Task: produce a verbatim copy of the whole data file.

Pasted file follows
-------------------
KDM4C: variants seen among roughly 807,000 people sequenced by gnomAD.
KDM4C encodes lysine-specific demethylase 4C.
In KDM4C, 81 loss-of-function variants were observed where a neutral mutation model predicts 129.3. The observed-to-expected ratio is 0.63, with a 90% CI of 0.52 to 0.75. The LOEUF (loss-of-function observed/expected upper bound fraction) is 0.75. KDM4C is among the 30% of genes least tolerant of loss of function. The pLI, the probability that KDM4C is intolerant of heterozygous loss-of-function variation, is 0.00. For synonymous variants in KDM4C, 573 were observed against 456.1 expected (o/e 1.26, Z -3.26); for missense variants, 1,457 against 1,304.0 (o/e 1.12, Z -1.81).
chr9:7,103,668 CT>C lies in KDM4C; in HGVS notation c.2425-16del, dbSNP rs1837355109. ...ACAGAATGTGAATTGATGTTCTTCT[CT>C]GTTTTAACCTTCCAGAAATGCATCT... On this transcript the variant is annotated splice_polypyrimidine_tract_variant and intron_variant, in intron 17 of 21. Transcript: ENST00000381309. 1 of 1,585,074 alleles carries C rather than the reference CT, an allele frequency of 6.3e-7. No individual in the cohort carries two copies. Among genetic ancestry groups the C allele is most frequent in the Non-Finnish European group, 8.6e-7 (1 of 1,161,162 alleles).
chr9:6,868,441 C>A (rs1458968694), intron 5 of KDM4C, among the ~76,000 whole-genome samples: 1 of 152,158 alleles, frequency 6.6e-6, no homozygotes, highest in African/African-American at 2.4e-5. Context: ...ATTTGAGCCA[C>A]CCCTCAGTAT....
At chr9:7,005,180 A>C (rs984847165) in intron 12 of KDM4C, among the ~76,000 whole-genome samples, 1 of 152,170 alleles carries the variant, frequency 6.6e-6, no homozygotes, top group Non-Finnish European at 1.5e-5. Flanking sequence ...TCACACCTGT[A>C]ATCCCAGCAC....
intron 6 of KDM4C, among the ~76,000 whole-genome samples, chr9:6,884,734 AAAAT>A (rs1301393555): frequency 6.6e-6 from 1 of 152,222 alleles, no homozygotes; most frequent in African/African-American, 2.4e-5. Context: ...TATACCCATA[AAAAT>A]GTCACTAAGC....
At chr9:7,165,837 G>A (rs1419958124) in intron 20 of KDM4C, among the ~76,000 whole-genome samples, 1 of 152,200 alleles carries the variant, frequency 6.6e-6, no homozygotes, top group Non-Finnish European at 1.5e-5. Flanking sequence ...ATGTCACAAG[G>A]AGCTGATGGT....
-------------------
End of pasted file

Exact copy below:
KDM4C: variants seen among roughly 807,000 people sequenced by gnomAD.
KDM4C encodes lysine-specific demethylase 4C.
In KDM4C, 81 loss-of-function variants were observed where a neutral mutation model predicts 129.3. The observed-to-expected ratio is 0.63, with a 90% CI of 0.52 to 0.75. The LOEUF (loss-of-function observed/expected upper bound fraction) is 0.75. KDM4C is among the 30% of genes least tolerant of loss of function. The pLI, the probability that KDM4C is intolerant of heterozygous loss-of-function variation, is 0.00. For synonymous variants in KDM4C, 573 were observed against 456.1 expected (o/e 1.26, Z -3.26); for missense variants, 1,457 against 1,304.0 (o/e 1.12, Z -1.81).
chr9:7,103,668 CT>C lies in KDM4C; in HGVS notation c.2425-16del, dbSNP rs1837355109. ...ACAGAATGTGAATTGATGTTCTTCT[CT>C]GTTTTAACCTTCCAGAAATGCATCT... On this transcript the variant is annotated splice_polypyrimidine_tract_variant and intron_variant, in intron 17 of 21. Transcript: ENST00000381309. 1 of 1,585,074 alleles carries C rather than the reference CT, an allele frequency of 6.3e-7. No individual in the cohort carries two copies. Among genetic ancestry groups the C allele is most frequent in the Non-Finnish European group, 8.6e-7 (1 of 1,161,162 alleles).
chr9:6,868,441 C>A (rs1458968694), intron 5 of KDM4C, among the ~76,000 whole-genome samples: 1 of 152,158 alleles, frequency 6.6e-6, no homozygotes, highest in African/African-American at 2.4e-5. Context: ...ATTTGAGCCA[C>A]CCCTCAGTAT....
At chr9:7,005,180 A>C (rs984847165) in intron 12 of KDM4C, among the ~76,000 whole-genome samples, 1 of 152,170 alleles carries the variant, frequency 6.6e-6, no homozygotes, top group Non-Finnish European at 1.5e-5. Flanking sequence ...TCACACCTGT[A>C]ATCCCAGCAC....
intron 6 of KDM4C, among the ~76,000 whole-genome samples, chr9:6,884,734 AAAAT>A (rs1301393555): frequency 6.6e-6 from 1 of 152,222 alleles, no homozygotes; most frequent in African/African-American, 2.4e-5. Context: ...TATACCCATA[AAAAT>A]GTCACTAAGC....
At chr9:7,165,837 G>A (rs1419958124) in intron 20 of KDM4C, among the ~76,000 whole-genome samples, 1 of 152,200 alleles carries the variant, frequency 6.6e-6, no homozygotes, top group Non-Finnish European at 1.5e-5. Flanking sequence ...ATGTCACAAG[G>A]AGCTGATGGT....